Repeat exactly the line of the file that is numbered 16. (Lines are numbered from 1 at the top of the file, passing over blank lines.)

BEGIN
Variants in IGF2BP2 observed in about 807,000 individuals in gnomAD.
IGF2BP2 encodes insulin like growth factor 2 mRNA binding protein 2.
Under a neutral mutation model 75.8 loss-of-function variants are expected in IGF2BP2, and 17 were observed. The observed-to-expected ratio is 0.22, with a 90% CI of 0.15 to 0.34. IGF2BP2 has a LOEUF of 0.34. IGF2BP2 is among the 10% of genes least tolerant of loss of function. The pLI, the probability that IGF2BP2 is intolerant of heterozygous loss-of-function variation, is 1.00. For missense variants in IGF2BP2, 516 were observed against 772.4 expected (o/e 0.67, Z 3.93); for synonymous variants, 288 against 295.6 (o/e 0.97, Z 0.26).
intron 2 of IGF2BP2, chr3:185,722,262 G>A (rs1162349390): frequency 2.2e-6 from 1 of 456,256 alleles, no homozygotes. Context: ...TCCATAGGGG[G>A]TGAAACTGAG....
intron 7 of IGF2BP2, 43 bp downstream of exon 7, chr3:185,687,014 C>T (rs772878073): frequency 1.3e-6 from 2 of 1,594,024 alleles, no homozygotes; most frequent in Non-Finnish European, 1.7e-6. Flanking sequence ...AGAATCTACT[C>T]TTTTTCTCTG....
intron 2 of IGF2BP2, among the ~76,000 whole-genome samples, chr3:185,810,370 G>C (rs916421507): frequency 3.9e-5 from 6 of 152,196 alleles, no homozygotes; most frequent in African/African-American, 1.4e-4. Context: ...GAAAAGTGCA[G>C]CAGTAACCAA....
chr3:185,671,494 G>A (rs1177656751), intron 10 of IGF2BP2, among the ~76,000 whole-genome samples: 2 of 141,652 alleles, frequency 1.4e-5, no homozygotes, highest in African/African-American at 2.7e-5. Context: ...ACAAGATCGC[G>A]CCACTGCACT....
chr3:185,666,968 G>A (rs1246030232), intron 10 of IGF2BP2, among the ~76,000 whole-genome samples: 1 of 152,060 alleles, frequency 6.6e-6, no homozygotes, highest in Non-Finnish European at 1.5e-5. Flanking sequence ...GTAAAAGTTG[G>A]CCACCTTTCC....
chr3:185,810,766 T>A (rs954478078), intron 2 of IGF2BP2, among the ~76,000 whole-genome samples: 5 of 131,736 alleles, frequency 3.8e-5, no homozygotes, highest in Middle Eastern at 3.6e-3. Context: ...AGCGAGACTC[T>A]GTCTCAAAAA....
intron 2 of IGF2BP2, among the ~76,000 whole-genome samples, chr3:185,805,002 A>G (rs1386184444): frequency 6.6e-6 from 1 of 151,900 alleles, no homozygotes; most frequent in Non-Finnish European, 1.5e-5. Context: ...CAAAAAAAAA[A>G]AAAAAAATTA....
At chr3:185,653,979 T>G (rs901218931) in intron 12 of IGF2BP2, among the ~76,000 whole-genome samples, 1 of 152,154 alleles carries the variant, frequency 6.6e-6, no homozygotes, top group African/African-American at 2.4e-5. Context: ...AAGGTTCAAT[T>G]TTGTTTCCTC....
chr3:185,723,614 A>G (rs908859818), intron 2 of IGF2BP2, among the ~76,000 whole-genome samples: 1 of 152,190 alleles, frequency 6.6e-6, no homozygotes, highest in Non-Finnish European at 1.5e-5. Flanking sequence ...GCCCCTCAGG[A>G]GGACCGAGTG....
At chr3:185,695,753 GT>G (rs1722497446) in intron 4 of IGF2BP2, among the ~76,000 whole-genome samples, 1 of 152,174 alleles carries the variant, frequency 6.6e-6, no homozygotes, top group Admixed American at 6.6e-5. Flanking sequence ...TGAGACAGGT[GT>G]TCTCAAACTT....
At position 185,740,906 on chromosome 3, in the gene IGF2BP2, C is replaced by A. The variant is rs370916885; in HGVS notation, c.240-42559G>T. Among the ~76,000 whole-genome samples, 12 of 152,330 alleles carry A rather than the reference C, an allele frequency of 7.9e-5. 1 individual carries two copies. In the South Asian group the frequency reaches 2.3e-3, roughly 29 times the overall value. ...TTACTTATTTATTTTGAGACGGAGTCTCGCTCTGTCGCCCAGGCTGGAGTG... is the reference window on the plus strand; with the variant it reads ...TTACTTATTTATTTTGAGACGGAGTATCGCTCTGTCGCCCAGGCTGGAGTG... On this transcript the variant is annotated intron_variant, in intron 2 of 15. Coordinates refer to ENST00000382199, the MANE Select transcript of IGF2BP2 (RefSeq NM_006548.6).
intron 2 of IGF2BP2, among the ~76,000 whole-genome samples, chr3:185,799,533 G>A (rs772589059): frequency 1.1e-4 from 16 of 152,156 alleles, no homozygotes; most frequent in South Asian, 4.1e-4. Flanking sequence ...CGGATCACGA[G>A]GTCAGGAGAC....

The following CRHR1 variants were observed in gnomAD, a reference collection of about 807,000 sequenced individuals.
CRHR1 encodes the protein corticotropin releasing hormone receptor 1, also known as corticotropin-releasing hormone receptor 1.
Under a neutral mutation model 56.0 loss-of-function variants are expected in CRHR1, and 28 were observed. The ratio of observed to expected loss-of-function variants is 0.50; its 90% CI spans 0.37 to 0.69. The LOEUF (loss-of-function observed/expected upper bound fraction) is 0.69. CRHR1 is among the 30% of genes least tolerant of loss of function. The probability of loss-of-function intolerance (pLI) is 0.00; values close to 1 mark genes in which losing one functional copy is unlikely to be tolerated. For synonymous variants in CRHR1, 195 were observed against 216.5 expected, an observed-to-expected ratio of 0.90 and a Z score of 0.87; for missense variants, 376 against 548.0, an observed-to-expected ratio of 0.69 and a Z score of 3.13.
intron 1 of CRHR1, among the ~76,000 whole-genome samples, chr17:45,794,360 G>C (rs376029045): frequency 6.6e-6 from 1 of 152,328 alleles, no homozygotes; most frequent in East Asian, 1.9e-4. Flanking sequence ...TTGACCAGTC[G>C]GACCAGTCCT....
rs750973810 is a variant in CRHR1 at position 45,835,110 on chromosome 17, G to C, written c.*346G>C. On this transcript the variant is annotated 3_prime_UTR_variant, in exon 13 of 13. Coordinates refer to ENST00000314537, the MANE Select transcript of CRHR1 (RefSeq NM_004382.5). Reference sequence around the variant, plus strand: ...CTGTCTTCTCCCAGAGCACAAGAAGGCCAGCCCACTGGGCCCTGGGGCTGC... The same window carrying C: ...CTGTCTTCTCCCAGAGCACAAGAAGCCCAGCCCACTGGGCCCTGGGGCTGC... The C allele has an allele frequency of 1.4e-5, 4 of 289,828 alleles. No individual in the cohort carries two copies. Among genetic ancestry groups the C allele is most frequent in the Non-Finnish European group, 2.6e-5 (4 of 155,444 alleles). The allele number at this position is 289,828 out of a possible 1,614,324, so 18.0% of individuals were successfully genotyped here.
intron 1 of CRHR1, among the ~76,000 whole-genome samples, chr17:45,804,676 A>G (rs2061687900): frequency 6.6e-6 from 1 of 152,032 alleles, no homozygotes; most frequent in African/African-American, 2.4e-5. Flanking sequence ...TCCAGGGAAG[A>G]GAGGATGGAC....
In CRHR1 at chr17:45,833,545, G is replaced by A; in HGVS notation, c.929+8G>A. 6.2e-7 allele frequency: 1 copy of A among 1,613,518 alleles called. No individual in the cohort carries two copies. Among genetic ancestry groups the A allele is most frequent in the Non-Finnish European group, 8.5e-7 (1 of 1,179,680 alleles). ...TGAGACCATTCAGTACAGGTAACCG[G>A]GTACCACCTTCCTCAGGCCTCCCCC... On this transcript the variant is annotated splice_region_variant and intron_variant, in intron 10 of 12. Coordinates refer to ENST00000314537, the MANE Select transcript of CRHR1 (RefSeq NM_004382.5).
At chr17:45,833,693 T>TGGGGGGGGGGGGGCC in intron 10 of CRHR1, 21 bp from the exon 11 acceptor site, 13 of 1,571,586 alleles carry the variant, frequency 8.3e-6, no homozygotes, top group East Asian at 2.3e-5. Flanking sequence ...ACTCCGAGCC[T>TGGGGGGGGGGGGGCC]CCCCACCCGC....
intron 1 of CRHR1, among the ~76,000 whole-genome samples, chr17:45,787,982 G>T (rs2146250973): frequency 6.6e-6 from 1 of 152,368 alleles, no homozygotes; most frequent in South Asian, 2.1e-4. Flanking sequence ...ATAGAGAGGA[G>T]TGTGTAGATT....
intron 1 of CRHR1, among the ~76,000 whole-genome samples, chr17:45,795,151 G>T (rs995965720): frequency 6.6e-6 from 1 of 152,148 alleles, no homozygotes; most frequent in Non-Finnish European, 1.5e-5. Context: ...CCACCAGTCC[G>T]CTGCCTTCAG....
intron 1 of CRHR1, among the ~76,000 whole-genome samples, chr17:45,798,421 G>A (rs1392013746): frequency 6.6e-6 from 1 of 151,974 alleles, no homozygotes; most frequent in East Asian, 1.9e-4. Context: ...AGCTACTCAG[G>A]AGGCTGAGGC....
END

The following CRHR1 variants were observed in gnomAD, a reference collection of about 807,000 sequenced individuals.